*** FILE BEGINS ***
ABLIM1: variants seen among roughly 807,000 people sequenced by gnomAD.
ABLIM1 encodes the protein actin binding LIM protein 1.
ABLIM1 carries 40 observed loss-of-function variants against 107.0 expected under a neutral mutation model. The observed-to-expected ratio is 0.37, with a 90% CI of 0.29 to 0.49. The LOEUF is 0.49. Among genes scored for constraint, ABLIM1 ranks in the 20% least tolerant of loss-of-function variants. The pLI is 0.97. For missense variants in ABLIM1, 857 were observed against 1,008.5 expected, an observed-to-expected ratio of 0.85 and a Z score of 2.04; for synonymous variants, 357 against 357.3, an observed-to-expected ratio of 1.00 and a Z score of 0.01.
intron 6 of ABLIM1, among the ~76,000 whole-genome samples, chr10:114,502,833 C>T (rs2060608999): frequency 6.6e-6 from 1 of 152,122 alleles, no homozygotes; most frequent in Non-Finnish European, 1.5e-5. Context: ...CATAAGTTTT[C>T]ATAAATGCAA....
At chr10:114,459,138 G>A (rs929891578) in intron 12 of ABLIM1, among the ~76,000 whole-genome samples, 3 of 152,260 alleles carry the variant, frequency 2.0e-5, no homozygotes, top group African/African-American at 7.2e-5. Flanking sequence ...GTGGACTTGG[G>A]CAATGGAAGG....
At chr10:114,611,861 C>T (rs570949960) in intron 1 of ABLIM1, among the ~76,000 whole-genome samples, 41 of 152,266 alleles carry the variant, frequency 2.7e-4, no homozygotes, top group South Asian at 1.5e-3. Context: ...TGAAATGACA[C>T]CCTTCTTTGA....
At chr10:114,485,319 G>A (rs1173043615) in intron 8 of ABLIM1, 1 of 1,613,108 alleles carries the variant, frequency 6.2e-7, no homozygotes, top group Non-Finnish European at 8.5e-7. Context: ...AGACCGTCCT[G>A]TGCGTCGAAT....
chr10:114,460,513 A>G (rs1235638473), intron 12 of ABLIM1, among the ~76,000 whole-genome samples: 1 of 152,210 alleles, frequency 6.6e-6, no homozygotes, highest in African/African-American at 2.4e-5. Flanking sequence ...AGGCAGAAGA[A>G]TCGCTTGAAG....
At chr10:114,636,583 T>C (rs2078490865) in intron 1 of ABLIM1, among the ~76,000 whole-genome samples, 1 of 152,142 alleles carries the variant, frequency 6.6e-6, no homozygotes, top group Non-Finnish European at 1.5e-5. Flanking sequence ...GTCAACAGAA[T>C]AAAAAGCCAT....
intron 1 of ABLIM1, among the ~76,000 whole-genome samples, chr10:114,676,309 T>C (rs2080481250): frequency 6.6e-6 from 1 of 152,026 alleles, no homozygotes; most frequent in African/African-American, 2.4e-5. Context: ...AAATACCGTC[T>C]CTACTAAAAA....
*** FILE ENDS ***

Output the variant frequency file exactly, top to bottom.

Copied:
ABLIM1: variants seen among roughly 807,000 people sequenced by gnomAD.
ABLIM1 encodes the protein actin binding LIM protein 1.
ABLIM1 carries 40 observed loss-of-function variants against 107.0 expected under a neutral mutation model. The observed-to-expected ratio is 0.37, with a 90% CI of 0.29 to 0.49. The LOEUF is 0.49. Among genes scored for constraint, ABLIM1 ranks in the 20% least tolerant of loss-of-function variants. The pLI is 0.97. For missense variants in ABLIM1, 857 were observed against 1,008.5 expected, an observed-to-expected ratio of 0.85 and a Z score of 2.04; for synonymous variants, 357 against 357.3, an observed-to-expected ratio of 1.00 and a Z score of 0.01.
intron 6 of ABLIM1, among the ~76,000 whole-genome samples, chr10:114,502,833 C>T (rs2060608999): frequency 6.6e-6 from 1 of 152,122 alleles, no homozygotes; most frequent in Non-Finnish European, 1.5e-5. Context: ...CATAAGTTTT[C>T]ATAAATGCAA....
At chr10:114,459,138 G>A (rs929891578) in intron 12 of ABLIM1, among the ~76,000 whole-genome samples, 3 of 152,260 alleles carry the variant, frequency 2.0e-5, no homozygotes, top group African/African-American at 7.2e-5. Flanking sequence ...GTGGACTTGG[G>A]CAATGGAAGG....
At chr10:114,611,861 C>T (rs570949960) in intron 1 of ABLIM1, among the ~76,000 whole-genome samples, 41 of 152,266 alleles carry the variant, frequency 2.7e-4, no homozygotes, top group South Asian at 1.5e-3. Context: ...TGAAATGACA[C>T]CCTTCTTTGA....
At chr10:114,485,319 G>A (rs1173043615) in intron 8 of ABLIM1, 1 of 1,613,108 alleles carries the variant, frequency 6.2e-7, no homozygotes, top group Non-Finnish European at 8.5e-7. Context: ...AGACCGTCCT[G>A]TGCGTCGAAT....
chr10:114,460,513 A>G (rs1235638473), intron 12 of ABLIM1, among the ~76,000 whole-genome samples: 1 of 152,210 alleles, frequency 6.6e-6, no homozygotes, highest in African/African-American at 2.4e-5. Flanking sequence ...AGGCAGAAGA[A>G]TCGCTTGAAG....
At chr10:114,636,583 T>C (rs2078490865) in intron 1 of ABLIM1, among the ~76,000 whole-genome samples, 1 of 152,142 alleles carries the variant, frequency 6.6e-6, no homozygotes, top group Non-Finnish European at 1.5e-5. Flanking sequence ...GTCAACAGAA[T>C]AAAAAGCCAT....
intron 1 of ABLIM1, among the ~76,000 whole-genome samples, chr10:114,676,309 T>C (rs2080481250): frequency 6.6e-6 from 1 of 152,026 alleles, no homozygotes; most frequent in African/African-American, 2.4e-5. Context: ...AAATACCGTC[T>C]CTACTAAAAA....